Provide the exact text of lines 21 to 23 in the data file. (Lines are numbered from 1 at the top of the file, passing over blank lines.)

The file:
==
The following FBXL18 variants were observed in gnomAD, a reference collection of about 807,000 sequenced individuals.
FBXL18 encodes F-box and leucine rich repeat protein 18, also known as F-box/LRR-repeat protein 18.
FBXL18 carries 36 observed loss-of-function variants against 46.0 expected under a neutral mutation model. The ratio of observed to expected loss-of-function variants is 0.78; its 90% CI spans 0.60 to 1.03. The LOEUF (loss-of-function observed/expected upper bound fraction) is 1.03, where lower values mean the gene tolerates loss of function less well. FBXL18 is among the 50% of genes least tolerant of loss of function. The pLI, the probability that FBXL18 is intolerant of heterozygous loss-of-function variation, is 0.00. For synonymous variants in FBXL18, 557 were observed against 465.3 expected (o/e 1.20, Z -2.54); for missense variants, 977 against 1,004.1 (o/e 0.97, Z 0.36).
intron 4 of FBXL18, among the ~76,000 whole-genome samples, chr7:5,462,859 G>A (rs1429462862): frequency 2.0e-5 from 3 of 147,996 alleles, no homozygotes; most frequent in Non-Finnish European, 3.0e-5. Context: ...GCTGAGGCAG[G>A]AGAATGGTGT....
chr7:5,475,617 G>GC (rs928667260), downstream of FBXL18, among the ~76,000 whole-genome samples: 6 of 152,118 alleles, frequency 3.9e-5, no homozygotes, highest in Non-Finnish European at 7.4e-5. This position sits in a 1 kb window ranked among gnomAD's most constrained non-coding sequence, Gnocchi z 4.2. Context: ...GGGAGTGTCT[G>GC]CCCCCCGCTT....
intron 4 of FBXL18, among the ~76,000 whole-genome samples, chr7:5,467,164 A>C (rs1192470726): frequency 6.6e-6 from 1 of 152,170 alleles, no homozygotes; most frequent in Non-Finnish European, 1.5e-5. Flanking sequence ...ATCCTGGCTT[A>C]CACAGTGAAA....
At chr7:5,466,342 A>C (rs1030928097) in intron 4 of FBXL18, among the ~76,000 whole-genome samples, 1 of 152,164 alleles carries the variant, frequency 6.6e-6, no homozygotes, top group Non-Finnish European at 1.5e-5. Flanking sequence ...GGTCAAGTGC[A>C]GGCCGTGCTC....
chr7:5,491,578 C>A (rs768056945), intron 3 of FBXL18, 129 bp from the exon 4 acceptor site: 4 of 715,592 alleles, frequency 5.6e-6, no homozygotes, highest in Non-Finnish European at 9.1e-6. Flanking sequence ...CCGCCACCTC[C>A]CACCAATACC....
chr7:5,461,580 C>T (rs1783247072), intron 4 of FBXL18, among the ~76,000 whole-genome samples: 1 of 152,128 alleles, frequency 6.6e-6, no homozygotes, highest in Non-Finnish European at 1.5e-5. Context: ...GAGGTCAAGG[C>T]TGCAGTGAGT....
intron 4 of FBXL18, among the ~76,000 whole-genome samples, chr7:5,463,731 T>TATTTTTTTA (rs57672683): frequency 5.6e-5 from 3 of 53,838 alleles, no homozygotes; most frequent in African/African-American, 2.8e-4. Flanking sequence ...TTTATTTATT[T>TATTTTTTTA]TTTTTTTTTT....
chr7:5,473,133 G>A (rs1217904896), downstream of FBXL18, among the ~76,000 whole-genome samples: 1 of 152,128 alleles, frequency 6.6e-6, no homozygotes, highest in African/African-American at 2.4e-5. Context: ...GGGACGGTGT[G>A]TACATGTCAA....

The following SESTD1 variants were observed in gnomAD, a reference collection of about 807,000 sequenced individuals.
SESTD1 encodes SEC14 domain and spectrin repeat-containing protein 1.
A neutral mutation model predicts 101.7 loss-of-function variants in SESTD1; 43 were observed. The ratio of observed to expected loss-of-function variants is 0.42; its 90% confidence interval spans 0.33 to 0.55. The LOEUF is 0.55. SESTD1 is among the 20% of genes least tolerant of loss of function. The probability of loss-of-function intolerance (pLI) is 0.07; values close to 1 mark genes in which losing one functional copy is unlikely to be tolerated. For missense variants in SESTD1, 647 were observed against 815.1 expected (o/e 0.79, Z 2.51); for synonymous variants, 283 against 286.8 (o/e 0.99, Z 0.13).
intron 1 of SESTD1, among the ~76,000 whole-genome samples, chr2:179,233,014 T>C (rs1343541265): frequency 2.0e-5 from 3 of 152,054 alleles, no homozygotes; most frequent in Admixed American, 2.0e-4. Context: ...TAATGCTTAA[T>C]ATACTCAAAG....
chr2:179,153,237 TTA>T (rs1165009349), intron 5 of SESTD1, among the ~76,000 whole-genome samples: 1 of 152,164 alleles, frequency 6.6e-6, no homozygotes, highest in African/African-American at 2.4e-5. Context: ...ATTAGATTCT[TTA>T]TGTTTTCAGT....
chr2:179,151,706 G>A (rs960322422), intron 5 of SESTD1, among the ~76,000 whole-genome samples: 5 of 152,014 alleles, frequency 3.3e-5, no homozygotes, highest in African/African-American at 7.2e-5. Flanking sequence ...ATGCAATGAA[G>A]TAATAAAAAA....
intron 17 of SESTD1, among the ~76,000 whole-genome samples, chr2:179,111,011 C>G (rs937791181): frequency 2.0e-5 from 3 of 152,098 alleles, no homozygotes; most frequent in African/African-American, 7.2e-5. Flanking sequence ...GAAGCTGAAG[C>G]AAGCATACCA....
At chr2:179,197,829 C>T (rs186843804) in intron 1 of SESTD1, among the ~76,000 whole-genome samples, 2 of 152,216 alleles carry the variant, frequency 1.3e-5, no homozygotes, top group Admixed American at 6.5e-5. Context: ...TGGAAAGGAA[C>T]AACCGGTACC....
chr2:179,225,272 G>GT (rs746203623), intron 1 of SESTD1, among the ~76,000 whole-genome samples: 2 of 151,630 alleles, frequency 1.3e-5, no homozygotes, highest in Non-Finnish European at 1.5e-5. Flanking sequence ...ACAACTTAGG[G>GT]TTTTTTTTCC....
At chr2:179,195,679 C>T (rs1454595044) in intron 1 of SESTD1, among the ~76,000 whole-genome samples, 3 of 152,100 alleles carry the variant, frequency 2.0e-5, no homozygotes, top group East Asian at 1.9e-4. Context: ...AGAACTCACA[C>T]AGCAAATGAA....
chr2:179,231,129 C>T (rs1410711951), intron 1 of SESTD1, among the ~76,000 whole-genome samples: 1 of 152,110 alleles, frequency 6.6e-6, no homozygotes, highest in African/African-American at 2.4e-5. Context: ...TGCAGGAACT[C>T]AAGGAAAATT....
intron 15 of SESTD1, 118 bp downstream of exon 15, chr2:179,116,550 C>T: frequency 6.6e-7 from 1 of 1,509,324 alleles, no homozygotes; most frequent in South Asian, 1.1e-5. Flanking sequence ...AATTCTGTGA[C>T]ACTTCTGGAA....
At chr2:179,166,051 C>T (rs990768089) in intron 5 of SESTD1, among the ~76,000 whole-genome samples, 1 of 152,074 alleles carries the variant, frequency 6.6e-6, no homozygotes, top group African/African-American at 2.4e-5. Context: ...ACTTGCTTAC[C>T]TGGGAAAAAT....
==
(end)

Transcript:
At chr2:179,195,679 C>T (rs1454595044) in intron 1 of SESTD1, among the ~76,000 whole-genome samples, 3 of 152,100 alleles carry the variant, frequency 2.0e-5, no homozygotes, top group East Asian at 1.9e-4. Context: ...AGAACTCACA[C>T]AGCAAATGAA....
chr2:179,231,129 C>T (rs1410711951), intron 1 of SESTD1, among the ~76,000 whole-genome samples: 1 of 152,110 alleles, frequency 6.6e-6, no homozygotes, highest in African/African-American at 2.4e-5. Context: ...TGCAGGAACT[C>T]AAGGAAAATT....
intron 15 of SESTD1, 118 bp downstream of exon 15, chr2:179,116,550 C>T: frequency 6.6e-7 from 1 of 1,509,324 alleles, no homozygotes; most frequent in South Asian, 1.1e-5. Flanking sequence ...AATTCTGTGA[C>T]ACTTCTGGAA....